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Matrix Biol. 1995 Feb;14(6):457-65.

Perlecan in human bone marrow: a growth-factor-presenting, but anti-adhesive, extracellular matrix component for hematopoietic cells.

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University Medical Clinic, Department of Internal Medicine II, Tübingen.


Human perlecan is a heparan sulfate proteoglycan with a large core protein of 467 kDa to which three glycosaminoglycan side chains are attached. It belongs to the heparan sulfate proteoglycan family which has been implicated in strong interactions between developing hematopoietic cells and their microenvironment in the bone marrow. Here we report that perlecan is highly expressed in the human bone marrow, as well as in long-term bone marrow cultures which are thought to mimic hematopoiesis in vitro. Expression of perlecan in this tissue was shown by Northern blotting of the 14-kb mRNA of the core protein and by immunofluorescence stainings. Functionally, perlecan shows a strong anti-adhesive effect on unfractionated bone marrow cells and on various hematopoietic cell lines, repelling the cells from the perlecan-coated area. In contrast, perlecan is adhesive for fibroblasts and endothelial cells. It is suggested that the anti-adhesive site is located within the core protein of perlecan since heparitinase-treated perlecan still shows the repellent effect. Although anti-adhesive for hematopoietic cells, perlecan is able to bind growth factors like granulocyte/macrophage-colony stimulating factor and present them to hematopoietic progenitor cells in a semi-solid colony assay. The functional role of a growth-factor-binding extracellular matrix component in the bone marrow microenvironment with anti-adhesive properties is uncertain but may be related to compartmentalization.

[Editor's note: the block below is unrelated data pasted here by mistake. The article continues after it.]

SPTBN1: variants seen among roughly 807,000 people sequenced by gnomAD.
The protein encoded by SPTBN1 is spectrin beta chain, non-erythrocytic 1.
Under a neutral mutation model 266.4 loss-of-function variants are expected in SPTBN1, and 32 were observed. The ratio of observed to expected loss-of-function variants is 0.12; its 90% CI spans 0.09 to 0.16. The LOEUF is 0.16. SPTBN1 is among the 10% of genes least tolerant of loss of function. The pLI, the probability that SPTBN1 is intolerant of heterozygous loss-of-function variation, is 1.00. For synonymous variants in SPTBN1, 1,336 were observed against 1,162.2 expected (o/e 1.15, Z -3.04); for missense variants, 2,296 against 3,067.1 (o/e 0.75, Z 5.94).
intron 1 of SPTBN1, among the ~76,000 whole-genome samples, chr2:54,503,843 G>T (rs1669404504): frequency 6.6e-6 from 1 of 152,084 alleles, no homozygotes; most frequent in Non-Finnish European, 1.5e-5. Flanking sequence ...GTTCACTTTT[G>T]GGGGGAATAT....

[Indexed for MEDLINE]

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